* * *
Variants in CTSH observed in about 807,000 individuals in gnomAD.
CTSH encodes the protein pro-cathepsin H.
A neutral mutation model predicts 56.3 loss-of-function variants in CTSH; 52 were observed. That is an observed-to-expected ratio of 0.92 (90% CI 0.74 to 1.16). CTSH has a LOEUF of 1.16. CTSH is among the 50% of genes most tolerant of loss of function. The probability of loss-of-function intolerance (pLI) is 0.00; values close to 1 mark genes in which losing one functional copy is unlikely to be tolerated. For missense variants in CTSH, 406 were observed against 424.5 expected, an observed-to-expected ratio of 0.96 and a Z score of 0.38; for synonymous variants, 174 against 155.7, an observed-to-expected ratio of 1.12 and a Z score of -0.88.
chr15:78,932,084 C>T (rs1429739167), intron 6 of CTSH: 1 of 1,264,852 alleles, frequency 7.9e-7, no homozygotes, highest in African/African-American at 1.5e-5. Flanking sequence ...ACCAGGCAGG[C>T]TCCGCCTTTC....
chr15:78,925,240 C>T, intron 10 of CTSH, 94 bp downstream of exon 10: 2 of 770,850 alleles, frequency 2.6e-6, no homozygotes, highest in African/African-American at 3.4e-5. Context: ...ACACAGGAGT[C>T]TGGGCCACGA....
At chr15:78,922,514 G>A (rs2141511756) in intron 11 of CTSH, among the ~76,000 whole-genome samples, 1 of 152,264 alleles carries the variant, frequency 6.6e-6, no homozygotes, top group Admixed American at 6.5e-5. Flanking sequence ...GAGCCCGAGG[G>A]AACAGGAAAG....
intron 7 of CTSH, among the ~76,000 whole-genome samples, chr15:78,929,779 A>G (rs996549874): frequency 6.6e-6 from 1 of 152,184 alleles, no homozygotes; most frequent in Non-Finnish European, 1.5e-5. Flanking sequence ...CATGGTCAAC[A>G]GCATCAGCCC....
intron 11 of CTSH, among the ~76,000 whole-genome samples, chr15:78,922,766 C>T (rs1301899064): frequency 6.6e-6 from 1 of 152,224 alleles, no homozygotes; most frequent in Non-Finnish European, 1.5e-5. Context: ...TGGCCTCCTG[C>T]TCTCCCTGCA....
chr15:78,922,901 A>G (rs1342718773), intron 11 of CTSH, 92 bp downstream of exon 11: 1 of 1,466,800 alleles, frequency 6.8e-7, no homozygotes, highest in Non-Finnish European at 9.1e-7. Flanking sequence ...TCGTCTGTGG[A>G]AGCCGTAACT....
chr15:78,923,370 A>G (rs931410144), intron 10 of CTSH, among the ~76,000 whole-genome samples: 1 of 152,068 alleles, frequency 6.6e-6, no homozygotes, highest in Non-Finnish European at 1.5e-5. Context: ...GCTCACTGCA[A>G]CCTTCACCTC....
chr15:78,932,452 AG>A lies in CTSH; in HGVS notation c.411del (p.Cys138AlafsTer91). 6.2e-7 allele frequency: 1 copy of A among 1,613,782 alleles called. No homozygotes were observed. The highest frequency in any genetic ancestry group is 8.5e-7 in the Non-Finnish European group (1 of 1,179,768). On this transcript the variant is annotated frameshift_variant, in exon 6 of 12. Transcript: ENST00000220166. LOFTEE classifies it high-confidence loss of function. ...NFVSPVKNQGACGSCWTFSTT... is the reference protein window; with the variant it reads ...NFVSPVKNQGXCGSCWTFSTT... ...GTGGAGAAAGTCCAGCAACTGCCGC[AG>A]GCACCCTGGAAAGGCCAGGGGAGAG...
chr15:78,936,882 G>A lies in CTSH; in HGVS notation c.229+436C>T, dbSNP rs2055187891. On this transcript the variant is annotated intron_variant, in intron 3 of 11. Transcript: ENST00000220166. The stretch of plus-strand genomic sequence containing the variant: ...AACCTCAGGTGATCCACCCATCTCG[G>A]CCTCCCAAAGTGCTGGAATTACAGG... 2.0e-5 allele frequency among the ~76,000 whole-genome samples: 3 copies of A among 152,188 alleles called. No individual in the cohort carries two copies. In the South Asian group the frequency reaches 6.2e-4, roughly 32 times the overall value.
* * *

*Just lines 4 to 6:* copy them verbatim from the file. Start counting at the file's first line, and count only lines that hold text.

chr15:78,932,084 C>T (rs1429739167), intron 6 of CTSH: 1 of 1,264,852 alleles, frequency 7.9e-7, no homozygotes, highest in African/African-American at 1.5e-5. Flanking sequence ...ACCAGGCAGG[C>T]TCCGCCTTTC....
chr15:78,925,240 C>T, intron 10 of CTSH, 94 bp downstream of exon 10: 2 of 770,850 alleles, frequency 2.6e-6, no homozygotes, highest in African/African-American at 3.4e-5. Context: ...ACACAGGAGT[C>T]TGGGCCACGA....
At chr15:78,922,514 G>A (rs2141511756) in intron 11 of CTSH, among the ~76,000 whole-genome samples, 1 of 152,264 alleles carries the variant, frequency 6.6e-6, no homozygotes, top group Admixed American at 6.5e-5. Flanking sequence ...GAGCCCGAGG[G>A]AACAGGAAAG....